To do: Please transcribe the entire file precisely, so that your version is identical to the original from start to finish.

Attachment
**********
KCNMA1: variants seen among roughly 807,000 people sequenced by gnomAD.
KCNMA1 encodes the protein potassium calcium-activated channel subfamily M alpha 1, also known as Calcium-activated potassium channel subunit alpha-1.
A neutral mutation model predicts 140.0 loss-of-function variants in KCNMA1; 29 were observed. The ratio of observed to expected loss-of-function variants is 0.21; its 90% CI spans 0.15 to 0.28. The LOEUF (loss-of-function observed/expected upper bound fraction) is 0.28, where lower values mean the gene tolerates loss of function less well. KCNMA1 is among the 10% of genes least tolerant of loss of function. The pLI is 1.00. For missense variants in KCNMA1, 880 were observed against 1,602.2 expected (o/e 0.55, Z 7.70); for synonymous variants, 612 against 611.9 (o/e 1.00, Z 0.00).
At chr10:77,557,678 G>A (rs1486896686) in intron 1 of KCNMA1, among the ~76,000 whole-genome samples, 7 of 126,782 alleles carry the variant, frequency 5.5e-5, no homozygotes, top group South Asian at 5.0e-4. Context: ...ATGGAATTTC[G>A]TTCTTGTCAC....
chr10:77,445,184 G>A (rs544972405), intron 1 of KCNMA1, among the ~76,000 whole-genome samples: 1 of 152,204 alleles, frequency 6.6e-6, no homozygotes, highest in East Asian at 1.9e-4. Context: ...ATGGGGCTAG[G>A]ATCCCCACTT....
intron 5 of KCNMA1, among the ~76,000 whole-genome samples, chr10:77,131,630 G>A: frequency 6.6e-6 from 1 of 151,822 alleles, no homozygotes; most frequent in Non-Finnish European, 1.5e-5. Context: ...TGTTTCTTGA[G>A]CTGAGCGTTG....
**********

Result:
KCNMA1: variants seen among roughly 807,000 people sequenced by gnomAD.
KCNMA1 encodes the protein potassium calcium-activated channel subfamily M alpha 1, also known as Calcium-activated potassium channel subunit alpha-1.
A neutral mutation model predicts 140.0 loss-of-function variants in KCNMA1; 29 were observed. The ratio of observed to expected loss-of-function variants is 0.21; its 90% CI spans 0.15 to 0.28. The LOEUF (loss-of-function observed/expected upper bound fraction) is 0.28, where lower values mean the gene tolerates loss of function less well. KCNMA1 is among the 10% of genes least tolerant of loss of function. The pLI is 1.00. For missense variants in KCNMA1, 880 were observed against 1,602.2 expected (o/e 0.55, Z 7.70); for synonymous variants, 612 against 611.9 (o/e 1.00, Z 0.00).
At chr10:77,557,678 G>A (rs1486896686) in intron 1 of KCNMA1, among the ~76,000 whole-genome samples, 7 of 126,782 alleles carry the variant, frequency 5.5e-5, no homozygotes, top group South Asian at 5.0e-4. Context: ...ATGGAATTTC[G>A]TTCTTGTCAC....
chr10:77,445,184 G>A (rs544972405), intron 1 of KCNMA1, among the ~76,000 whole-genome samples: 1 of 152,204 alleles, frequency 6.6e-6, no homozygotes, highest in East Asian at 1.9e-4. Context: ...ATGGGGCTAG[G>A]ATCCCCACTT....
intron 5 of KCNMA1, among the ~76,000 whole-genome samples, chr10:77,131,630 G>A: frequency 6.6e-6 from 1 of 151,822 alleles, no homozygotes; most frequent in Non-Finnish European, 1.5e-5. Context: ...TGTTTCTTGA[G>A]CTGAGCGTTG....